William Wycherley

William
Wycherley
1640
1715

English Dramatist

Author Quotes

You are of the society of the wits and railleurs . . . the surest sign is, since you are an enemy to marriage,--for that, I hear, you hate as much as business or bad wine.

Your women of honor, as you call em, are only chary of their reputations, not their persons; and 'Tis scandal that they would avoid, not men.

Wit has as few true judges as painting.

Wit is more necessary than beauty; and I think no young woman ugly that has it, and no handsome woman agreeable without it.

With faint praises one another damn.

Women of quality are so civil, you can hardly distinguish love from good breeding.

Women serve but to keep a man from better company.

I weigh the man, not his title; 't is not the king's stamp can make the metal better.

A beauty masked, like the sun in eclipse, gathers together more gazers than if it shined out.

Marrying to increase love is like gaming to become rich; alas, you only lose what little stock you had before.

A good name is seldom got by giving it oneself.

Mistresses are like books; if you pore upon them too much, they doze you and make you unfit for company; but if used discreetly, you are the fitter for conversation by em.

A mistress should be like a little country retreat near the town, not to dwell in constantly, but only for a night and away.

Money makes up in a measure all other wants in men.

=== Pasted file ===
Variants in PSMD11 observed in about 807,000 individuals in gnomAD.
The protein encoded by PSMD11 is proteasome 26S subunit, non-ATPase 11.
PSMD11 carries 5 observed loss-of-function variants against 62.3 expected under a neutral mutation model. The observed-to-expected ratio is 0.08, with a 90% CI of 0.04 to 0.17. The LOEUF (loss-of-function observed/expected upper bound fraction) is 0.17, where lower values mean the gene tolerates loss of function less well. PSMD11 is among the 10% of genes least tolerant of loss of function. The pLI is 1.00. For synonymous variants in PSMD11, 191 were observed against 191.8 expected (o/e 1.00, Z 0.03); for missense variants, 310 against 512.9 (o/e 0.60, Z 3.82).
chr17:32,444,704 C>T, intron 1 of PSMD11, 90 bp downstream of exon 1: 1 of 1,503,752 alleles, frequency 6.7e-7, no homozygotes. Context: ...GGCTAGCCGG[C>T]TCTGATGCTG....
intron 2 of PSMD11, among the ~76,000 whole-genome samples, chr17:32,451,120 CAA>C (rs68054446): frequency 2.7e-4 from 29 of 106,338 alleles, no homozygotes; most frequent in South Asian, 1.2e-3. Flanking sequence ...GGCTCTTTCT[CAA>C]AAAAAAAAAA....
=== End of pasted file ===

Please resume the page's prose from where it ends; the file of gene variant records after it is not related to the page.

As wit is too hard for power in council, so power is too hard for wit in action.

Necessity, mother of invention.

Bluster, sputter, question, cavil; but be sure your argument be intricate enough to confound the court.

Next to the pleasure of finding a new mistress is that of being rid of an old one.

Ceremony and great professing renders friendships as much suspected as it does religion.

Poets, like friends to whom you are in debt, you hate.

Come, for my part I will have only those glorious, manly pleasures of being very drunk, and very slovenly.

Poets, like whores, are only hated by each other.

Conversation augments pleasure and diminishes pain by our having shares in either; for silent woes are greatest, as silent satisfaction leas; since sometimes our pleasure would be none but for telling of it, and our grief insupportable but for participation.

Temperance is the nurse of chastity.

Go to your business, pleasure, whilst I go to my pleasure, business.

Author Picture
First Name
William
Last Name
Wycherley
Birth Date
1640
Death Date
1715
Bio

English Dramatist